Park Avenue Summer by Renee Rosen 368 pages
I first became aware of “Cosmopolitan” magazine when its intrepid editor-in-chief, Helen Gurley Brown, visited “The Tonight Show” with Johnny Carson in the late 1970s. It was on those shows that I learned of her radically feministic book “Sex and the Single Girl,” which was published in 1962.
This story takes place three years later, in 1965 Manhattan. The publishing world is still the old boys’ network and women were supposed to be at home. Alice Weiss (a fictional character) has left her Ohio home for New York, with dreams of becoming a photographer. Thanks to an old friend, she gets an exciting job as the secretary to HGB, a woman who knows what she wants but doesn’t know a thing about publishing a magazine.
The Hearst Corporation wants to shutter Cosmo, but HGB wants to bring it into the twentieth century and revitalize its contents and looks. She wants to aim it at young women who want something more before they settle down to a home and a family. It’s HGB’s job to turn the magazine around but not offend old conservatives. Easier said than down when the old boys’ network is sabotaging her every move and decision.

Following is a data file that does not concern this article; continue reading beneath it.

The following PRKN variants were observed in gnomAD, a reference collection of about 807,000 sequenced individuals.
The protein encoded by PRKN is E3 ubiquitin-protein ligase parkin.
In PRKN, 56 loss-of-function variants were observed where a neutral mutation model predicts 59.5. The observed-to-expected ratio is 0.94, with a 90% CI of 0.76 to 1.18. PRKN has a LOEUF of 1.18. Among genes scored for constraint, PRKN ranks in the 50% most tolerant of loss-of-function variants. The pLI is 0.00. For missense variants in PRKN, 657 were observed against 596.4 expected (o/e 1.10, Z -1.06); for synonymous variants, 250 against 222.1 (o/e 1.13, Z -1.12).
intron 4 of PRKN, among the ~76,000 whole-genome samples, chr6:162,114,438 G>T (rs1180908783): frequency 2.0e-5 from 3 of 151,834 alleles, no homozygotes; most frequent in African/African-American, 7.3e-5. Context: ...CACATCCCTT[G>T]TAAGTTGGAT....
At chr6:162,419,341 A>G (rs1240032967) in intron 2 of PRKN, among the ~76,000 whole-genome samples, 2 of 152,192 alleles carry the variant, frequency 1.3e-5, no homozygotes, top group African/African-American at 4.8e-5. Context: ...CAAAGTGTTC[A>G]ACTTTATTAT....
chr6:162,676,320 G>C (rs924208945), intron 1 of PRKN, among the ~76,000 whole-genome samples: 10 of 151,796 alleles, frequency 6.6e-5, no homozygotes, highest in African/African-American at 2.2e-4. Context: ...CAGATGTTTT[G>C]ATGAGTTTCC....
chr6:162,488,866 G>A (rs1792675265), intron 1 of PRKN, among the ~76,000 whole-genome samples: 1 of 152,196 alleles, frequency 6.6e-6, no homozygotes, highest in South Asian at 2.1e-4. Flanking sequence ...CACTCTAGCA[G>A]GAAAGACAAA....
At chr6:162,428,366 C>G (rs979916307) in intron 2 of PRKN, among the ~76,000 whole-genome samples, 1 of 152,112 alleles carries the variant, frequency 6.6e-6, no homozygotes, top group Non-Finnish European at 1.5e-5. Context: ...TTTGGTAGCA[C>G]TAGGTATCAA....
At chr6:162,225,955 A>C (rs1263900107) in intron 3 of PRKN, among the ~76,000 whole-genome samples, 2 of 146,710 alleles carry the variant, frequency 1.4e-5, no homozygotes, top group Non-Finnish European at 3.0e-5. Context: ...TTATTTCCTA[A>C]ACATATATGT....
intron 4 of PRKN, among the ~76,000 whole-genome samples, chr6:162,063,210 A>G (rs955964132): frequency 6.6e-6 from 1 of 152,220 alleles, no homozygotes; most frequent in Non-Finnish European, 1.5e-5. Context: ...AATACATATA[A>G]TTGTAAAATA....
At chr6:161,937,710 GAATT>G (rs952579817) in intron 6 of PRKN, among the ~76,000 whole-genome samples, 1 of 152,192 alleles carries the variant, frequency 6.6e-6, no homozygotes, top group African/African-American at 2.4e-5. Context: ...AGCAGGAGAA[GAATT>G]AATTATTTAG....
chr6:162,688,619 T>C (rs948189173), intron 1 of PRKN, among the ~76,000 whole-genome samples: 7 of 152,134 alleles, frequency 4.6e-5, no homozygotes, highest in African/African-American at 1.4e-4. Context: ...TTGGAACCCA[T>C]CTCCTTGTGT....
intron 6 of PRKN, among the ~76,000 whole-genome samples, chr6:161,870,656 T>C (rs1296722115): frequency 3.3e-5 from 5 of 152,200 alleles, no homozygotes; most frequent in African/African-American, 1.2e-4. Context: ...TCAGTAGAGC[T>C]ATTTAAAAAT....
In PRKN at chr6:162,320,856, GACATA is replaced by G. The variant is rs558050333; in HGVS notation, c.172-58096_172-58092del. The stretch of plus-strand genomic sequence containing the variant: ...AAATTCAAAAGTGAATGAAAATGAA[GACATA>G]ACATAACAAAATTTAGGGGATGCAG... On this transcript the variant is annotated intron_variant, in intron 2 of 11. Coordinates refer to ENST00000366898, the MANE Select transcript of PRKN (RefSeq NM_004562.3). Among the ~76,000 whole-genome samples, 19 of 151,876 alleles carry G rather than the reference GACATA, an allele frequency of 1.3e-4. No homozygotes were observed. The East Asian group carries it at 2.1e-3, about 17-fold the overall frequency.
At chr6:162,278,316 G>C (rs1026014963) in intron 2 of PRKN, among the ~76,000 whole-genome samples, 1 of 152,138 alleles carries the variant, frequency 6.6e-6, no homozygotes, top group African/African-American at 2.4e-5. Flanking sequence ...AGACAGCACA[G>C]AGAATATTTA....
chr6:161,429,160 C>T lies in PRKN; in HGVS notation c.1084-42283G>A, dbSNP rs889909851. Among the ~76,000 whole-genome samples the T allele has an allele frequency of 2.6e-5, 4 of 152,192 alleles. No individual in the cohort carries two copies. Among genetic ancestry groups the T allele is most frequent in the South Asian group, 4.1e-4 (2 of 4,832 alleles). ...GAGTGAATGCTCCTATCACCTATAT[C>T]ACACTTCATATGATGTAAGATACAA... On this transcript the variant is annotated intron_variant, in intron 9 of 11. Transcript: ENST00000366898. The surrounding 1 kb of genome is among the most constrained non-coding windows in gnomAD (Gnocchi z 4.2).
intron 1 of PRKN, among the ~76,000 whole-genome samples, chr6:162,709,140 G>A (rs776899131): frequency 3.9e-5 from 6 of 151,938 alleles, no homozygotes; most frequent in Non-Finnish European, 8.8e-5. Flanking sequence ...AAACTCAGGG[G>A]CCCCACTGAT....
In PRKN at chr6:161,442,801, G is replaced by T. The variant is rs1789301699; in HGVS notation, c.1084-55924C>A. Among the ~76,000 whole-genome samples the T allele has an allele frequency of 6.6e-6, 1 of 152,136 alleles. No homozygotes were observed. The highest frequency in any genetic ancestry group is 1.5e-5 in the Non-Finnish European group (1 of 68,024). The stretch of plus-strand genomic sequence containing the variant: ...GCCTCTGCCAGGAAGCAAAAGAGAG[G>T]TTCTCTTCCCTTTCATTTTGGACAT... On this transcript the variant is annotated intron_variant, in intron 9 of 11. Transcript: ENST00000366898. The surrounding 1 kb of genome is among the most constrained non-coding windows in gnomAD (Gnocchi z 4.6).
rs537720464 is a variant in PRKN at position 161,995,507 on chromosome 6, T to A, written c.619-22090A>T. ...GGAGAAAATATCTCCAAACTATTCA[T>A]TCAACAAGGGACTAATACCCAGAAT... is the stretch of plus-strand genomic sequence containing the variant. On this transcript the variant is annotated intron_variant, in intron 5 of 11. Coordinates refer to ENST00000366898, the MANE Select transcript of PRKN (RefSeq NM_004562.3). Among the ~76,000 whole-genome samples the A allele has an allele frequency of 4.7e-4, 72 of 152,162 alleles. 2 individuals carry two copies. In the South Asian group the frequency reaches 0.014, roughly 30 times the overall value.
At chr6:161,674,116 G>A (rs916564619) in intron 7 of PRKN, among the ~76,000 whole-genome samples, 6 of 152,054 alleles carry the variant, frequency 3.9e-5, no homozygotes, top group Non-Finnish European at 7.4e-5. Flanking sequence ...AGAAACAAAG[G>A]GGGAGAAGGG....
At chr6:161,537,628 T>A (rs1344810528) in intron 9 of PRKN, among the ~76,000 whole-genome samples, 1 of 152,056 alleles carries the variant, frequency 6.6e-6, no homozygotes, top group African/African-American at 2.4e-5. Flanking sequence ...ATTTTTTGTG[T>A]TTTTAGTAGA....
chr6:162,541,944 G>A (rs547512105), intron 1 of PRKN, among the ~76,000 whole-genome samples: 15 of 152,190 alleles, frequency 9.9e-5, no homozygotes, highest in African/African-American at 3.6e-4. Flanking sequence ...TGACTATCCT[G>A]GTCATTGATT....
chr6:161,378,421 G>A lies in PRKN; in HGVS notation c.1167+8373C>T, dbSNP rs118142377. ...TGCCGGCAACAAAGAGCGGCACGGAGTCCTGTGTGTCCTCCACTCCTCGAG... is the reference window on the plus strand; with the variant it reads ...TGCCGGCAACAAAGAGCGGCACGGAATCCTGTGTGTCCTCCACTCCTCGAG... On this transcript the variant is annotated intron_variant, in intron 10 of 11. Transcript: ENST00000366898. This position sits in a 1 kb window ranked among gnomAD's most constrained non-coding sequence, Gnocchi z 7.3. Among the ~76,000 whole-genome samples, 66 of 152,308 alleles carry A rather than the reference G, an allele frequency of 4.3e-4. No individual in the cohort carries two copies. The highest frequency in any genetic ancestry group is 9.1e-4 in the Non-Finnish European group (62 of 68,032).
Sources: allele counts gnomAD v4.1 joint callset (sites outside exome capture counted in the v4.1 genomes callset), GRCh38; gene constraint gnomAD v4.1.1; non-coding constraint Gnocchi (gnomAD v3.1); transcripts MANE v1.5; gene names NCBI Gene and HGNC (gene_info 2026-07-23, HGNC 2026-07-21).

Readers get to see the birth of Cosmo and how HGB raised it from the ashes. Daily life is hectic in the magazine world, and readers get a chance to see what life was really like back in those days: the cigarettes that everyone chain-smoked, the lunchtime drinks, the deals.
Author Rosen was fortunate to meet and talk with Lois Cahall, the woman who probably knew HGB better than anyone else. I’m sure that’s why the story feels so intimate. With Alice as its narrator, modern readers get a glimpse into a storied past. Along the way, Alice finds a way to have everything HGB says she can have, and more.
“Park Avenue Summer” receives 6 out of 5 stars in Julie’s world.